A food bank in Montreal is reminding the public that the need for donations does not shrink in summertime.

Moisson Montreal has launched a new fundraising campaign for the next month, hoping to raise $50,000 by August 20 in order to provide food for families that need it.

Richard Daneau, director of the charity, said summer is always a difficult time to collect funds because many Quebecers are on vacation and not thinking about those who are less fortunate.

“We say that hunger doesn't take vacation,” he said. “During the Christmas season, everybody's very generous, everybody thinks about helping others, but during the summer vacation people think about other things.”

Daneau said with schools closed for the summer, the demand from families actually increases as children no longer have access to school-based breakfast programs.

"To make sure that we continue to provide the support to those kids so they stay attached, they remain within the system and they don't lose faith, that they keep the faith that eventually things are going to get better for them," said Daneau.

"We make sure that they will continue their schooling program and ensure that they see better days."

The charity also gets help from volunteers with Sodexo, who are making tens of thousands of packed lunches for children in day camps this summer.

Each day volunteers make about 900 lunches for children at camps -- 39,000 by summer's end.

To help raise funds for those lunches and other food, Moisson Montreal is holding multiple events until Aug. 20, including a picnic at the Montreal Museum of Fine Arts, enabling donations via text messaging, and teaming up with La Ronde: on Aug. 19 and 20 admission to the amusement park is free for those who donate six non-perishable food items.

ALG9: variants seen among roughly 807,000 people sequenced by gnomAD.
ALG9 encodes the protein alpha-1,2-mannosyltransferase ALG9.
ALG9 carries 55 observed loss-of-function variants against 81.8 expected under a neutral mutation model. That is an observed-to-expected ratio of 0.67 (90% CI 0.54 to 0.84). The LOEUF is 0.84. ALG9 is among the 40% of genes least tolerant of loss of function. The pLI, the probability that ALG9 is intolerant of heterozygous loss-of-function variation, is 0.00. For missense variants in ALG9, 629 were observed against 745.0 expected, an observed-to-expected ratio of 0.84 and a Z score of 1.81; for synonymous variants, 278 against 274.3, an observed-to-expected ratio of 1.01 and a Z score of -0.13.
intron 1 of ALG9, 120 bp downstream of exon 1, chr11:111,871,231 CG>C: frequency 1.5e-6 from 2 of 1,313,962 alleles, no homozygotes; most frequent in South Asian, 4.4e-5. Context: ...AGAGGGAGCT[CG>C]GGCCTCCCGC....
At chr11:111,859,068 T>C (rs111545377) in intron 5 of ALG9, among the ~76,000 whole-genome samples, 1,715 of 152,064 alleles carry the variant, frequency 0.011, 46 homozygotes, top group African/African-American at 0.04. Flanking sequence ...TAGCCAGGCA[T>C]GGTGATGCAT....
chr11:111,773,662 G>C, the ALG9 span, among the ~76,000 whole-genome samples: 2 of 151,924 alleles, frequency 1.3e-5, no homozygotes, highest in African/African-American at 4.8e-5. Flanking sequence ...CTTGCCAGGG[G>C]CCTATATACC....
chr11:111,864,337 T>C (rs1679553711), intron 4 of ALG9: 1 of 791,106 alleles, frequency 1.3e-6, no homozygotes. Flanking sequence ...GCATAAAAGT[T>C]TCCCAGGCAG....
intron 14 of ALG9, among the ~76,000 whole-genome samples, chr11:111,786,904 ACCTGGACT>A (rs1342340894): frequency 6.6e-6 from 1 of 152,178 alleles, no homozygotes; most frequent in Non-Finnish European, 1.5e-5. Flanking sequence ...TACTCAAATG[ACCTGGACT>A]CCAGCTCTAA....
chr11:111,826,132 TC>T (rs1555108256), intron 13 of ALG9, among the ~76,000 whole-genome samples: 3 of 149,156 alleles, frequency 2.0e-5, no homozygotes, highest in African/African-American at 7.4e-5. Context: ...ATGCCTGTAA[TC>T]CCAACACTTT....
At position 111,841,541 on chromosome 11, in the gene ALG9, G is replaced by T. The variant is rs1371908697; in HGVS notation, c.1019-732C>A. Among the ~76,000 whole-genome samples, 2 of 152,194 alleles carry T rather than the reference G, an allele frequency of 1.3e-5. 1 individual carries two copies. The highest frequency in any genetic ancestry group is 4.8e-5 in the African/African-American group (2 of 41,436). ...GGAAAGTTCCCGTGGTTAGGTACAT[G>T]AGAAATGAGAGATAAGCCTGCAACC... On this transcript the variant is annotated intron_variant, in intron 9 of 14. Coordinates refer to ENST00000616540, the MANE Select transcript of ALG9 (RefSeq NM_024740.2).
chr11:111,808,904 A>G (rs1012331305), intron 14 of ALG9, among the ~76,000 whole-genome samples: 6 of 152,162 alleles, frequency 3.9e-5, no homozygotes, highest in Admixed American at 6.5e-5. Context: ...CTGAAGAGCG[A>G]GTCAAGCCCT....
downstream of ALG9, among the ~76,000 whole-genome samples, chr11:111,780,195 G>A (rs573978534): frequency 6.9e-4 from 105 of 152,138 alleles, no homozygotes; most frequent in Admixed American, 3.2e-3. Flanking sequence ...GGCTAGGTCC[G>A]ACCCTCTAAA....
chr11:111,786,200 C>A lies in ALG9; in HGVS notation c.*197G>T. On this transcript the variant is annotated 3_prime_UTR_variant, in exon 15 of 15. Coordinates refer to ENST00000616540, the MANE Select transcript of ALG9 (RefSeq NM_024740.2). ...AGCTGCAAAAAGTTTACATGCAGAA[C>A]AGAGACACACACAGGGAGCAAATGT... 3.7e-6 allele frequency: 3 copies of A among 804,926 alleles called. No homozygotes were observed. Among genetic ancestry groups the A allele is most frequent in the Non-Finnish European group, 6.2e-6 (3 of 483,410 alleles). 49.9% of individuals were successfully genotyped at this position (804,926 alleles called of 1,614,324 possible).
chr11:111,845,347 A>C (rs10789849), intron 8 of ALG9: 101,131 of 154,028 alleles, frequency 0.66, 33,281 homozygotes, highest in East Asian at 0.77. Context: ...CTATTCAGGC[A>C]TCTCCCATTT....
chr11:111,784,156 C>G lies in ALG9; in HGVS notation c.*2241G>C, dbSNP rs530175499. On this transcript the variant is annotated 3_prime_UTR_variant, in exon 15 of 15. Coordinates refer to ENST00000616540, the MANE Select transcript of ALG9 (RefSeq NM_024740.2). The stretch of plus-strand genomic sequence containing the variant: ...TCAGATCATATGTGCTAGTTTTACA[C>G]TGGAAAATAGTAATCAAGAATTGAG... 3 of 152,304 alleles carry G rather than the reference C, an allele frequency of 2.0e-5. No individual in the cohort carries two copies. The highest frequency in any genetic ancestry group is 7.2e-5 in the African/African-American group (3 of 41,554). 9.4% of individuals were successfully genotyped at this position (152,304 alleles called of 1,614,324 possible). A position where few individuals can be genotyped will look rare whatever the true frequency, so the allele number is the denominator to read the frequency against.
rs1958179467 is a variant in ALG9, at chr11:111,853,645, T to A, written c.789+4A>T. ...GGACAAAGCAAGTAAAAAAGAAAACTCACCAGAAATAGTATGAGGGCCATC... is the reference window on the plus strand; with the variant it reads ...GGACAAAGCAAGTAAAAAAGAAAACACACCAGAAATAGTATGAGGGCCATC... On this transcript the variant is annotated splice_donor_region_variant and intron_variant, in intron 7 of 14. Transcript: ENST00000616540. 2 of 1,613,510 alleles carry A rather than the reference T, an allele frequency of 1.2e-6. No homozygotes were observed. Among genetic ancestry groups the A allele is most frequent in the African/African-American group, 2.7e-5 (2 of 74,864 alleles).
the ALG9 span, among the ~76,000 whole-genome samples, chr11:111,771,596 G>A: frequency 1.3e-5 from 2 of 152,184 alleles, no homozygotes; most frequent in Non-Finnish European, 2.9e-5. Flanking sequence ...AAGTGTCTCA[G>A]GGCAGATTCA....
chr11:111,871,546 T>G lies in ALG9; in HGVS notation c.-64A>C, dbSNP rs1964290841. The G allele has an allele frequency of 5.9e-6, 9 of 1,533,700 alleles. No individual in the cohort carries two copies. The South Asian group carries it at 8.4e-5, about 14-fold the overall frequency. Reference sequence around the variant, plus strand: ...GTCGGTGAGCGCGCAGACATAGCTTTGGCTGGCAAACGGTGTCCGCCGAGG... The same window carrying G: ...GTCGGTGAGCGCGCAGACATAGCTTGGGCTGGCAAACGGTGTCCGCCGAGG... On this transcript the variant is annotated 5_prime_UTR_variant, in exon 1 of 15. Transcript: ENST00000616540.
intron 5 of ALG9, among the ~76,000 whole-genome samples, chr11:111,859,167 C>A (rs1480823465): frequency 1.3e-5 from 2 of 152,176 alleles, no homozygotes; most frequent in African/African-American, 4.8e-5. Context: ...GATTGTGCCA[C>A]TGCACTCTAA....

The charity said while it welcomes donations in kind, it prefers to receive cash, since through various partnerships it can stretch each dollar much more effectively.

Meantime, at Welcome Hall Mission, donations are vital year round. They operate a free grocery store, where food comes in from partners including Moisson Montreal.

Though volunteers are plentiful, donations from the public are dropping.

“We need to keep people aware of the fact people are hungry 365 days a year,” said Kathryn Stephens of the Welcome Hall Mission.

Officials at Sun Youth say donations to their food bank are down, but the demand has gone up a lot.

“We're noticing that a lot of food banks are closed, so we're stuck with the balance of people coming in for help,” said Sun Youth’s Sid Stevens.